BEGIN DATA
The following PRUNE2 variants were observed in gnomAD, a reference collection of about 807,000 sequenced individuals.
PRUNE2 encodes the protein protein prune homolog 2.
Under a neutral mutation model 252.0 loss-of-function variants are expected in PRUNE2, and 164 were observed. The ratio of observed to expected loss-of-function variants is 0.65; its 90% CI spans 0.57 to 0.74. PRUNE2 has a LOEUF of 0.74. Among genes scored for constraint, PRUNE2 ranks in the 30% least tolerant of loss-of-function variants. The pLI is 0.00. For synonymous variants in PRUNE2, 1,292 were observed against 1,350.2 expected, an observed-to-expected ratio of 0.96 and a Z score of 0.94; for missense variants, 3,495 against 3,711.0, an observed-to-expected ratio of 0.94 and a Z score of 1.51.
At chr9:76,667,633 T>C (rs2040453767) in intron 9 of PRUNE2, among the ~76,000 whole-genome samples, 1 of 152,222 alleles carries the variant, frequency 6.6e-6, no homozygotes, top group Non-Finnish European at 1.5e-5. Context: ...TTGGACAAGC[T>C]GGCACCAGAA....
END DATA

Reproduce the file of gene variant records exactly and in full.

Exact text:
The following PRUNE2 variants were observed in gnomAD, a reference collection of about 807,000 sequenced individuals.
PRUNE2 encodes the protein protein prune homolog 2.
Under a neutral mutation model 252.0 loss-of-function variants are expected in PRUNE2, and 164 were observed. The ratio of observed to expected loss-of-function variants is 0.65; its 90% CI spans 0.57 to 0.74. PRUNE2 has a LOEUF of 0.74. Among genes scored for constraint, PRUNE2 ranks in the 30% least tolerant of loss-of-function variants. The pLI is 0.00. For synonymous variants in PRUNE2, 1,292 were observed against 1,350.2 expected, an observed-to-expected ratio of 0.96 and a Z score of 0.94; for missense variants, 3,495 against 3,711.0, an observed-to-expected ratio of 0.94 and a Z score of 1.51.
At chr9:76,667,633 T>C (rs2040453767) in intron 9 of PRUNE2, among the ~76,000 whole-genome samples, 1 of 152,222 alleles carries the variant, frequency 6.6e-6, no homozygotes, top group Non-Finnish European at 1.5e-5. Context: ...TTGGACAAGC[T>C]GGCACCAGAA....